“The criticality of packaging in healthcare is obvious,” Ingraham notes. “Packaging is responsible for delivering devices and therapies to the patient safely and the regulatory landscape is designed to ensure the demands are met. As a result, there can be a high cost of switching, in terms of resources and time.”
Despite this, packaging leaders such as Amcor have committed to finding solutions that meet both demands, no matter the cost.
“It’s not a question of which one is the greater priority,” Ingraham adds. “It’s really a question of how we can achieve both. Innovation will be the key to unlocking this challenge - A challenge Amcor has committed to achieving and invested more than US$100m this past year in R&D.”
Investing in innovation
There are a number of alternative solutions for suppliers to consider and invest in to reduce the carbon footprint of their packaging. According to Ingraham, the list includes “responsibly sourced materials, recycle-ready packaging, biodegradable materials, bio-based materials and recycled content: post-consumer (PCR) and/or post-industrial (PIR)”.
Amcor is already using a number of sustainable alternatives throughout its product range, from coffee packaging made from renewable sugarcane instead of traditional polyethylene, to laundry detergent bottles produced using 100% PCR polyethylene terephthalate resin.
However, several of these alternatives, including recycle-ready materials and PCR/PIR technologies, will require further, significant innovation before they are ready for use in the medical sector.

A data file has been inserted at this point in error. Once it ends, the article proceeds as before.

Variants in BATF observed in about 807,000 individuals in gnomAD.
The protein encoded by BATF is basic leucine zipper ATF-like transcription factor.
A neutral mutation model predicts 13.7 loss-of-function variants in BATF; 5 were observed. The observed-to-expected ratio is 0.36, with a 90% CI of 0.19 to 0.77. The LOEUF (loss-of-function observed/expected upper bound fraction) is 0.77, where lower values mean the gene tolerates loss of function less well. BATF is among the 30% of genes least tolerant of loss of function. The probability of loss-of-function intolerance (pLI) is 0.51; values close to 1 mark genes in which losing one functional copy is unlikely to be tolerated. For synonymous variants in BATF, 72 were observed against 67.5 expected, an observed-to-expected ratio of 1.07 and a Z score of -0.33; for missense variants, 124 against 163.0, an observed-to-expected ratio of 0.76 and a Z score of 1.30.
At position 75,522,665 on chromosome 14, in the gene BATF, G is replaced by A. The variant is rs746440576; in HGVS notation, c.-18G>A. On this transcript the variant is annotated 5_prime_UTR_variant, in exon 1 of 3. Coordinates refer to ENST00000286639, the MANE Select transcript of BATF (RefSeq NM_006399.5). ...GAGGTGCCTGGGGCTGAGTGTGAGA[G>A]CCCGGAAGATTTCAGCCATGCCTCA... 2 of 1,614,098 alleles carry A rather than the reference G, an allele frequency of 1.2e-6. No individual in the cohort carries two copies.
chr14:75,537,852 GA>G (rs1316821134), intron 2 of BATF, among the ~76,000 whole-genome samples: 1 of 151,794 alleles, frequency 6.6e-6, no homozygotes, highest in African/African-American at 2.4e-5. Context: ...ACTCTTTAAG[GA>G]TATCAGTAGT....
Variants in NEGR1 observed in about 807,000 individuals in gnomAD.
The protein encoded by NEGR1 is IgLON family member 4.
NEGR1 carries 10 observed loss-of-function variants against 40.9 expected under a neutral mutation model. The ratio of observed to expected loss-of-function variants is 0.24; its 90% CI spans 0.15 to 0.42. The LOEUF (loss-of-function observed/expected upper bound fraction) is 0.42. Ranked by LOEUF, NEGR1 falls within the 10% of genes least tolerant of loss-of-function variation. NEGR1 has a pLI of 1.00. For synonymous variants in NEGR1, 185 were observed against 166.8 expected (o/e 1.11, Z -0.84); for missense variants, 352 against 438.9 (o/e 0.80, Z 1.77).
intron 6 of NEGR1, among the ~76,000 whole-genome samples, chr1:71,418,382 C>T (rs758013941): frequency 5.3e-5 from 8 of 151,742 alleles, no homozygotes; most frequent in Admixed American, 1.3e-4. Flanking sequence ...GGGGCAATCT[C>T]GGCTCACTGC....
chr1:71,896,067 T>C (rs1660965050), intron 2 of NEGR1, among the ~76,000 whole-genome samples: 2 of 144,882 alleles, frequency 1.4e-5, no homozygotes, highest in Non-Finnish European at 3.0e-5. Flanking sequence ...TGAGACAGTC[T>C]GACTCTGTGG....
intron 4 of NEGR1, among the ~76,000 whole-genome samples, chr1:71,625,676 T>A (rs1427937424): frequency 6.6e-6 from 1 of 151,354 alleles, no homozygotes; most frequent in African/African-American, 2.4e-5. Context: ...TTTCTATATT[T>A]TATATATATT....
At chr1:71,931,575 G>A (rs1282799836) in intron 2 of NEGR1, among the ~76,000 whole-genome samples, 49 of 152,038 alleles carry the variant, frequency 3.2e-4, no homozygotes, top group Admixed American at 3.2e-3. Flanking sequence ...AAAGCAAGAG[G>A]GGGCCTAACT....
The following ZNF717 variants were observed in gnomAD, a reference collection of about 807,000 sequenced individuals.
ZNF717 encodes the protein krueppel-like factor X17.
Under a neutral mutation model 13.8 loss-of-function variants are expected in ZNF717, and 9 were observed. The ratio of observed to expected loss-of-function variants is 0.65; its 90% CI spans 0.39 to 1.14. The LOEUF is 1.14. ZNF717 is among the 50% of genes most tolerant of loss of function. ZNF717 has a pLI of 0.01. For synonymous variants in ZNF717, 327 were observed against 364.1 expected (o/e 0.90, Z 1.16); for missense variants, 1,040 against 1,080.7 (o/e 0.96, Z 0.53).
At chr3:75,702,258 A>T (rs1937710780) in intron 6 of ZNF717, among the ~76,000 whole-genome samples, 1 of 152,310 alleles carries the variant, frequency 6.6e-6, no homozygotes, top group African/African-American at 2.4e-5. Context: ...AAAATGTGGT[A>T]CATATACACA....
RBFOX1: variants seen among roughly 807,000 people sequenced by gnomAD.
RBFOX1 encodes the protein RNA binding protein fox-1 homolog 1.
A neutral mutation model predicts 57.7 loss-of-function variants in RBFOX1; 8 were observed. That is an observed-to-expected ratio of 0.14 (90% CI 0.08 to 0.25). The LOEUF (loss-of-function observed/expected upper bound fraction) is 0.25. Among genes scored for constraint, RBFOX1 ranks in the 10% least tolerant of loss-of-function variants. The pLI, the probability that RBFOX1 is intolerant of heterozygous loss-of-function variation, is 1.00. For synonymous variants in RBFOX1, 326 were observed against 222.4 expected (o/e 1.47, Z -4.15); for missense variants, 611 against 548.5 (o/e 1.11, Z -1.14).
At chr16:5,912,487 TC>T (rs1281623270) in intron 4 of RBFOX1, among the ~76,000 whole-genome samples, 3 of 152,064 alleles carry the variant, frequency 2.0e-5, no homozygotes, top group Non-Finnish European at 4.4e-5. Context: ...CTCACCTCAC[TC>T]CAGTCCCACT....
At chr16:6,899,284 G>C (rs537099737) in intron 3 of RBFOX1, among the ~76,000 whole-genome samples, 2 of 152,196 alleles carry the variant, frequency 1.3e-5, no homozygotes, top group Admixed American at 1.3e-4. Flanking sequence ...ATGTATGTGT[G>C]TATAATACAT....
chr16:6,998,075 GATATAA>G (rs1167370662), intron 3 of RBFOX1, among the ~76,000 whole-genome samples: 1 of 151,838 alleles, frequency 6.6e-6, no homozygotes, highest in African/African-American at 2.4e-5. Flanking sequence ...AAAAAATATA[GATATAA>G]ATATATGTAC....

In 2020, having pledged to make all of its packaging recyclable or reusable by 2025, Amcor joined the Healthcare Plastics Recycling Council (HPRC), a coalition of industry leaders across healthcare, recycling and waste management. The move serves as an indication of the company’s continued commitment to improving sustainability and driving innovation in the medical industry.
Indeed, innovation will be “critical in achieving a circular economy” and will also help to “simplify packaging systems to reduce complexity, waste and the overall carbon footprint” of medical packaging manufacturing.
A commitment to sustainable packaging
Rather than focusing on any one solution, Ingraham believes improving sustainability in medical packaging requires a “strong commitment to the future and a desire to do better”.
Using tools such as Amcor’s ‘ASSET’ life-cycle assessment, companies can pre-calculate the impact that changes to their packaging will have on emissions and devise fact-based, continuous improvement programmes alongside Amcor that will produce significant results.
“Programmes including solvent reduction and elimination, zero waste to landfill, energy reduction, water conservation, lower carbon footprint materials and processes are just a few examples,” Ingraham says.
In many cases, drastic changes to materials and processes may not yet be possible. However, even minor alterations can help to make the medical industry that little bit more sustainable. GSK’s ‘Rightsizing’ project offers a great example: Simply by increasing the number of antibiotics in a single foil blister strip from four to six, the pharmaceutical giant has been able to reduce foil consumption by 30% and overall packaging by 25%. The result? A saving of 155 tonnes of CO2 emissions.
Main image credit: Ralf Liebhold / Shutterstock.com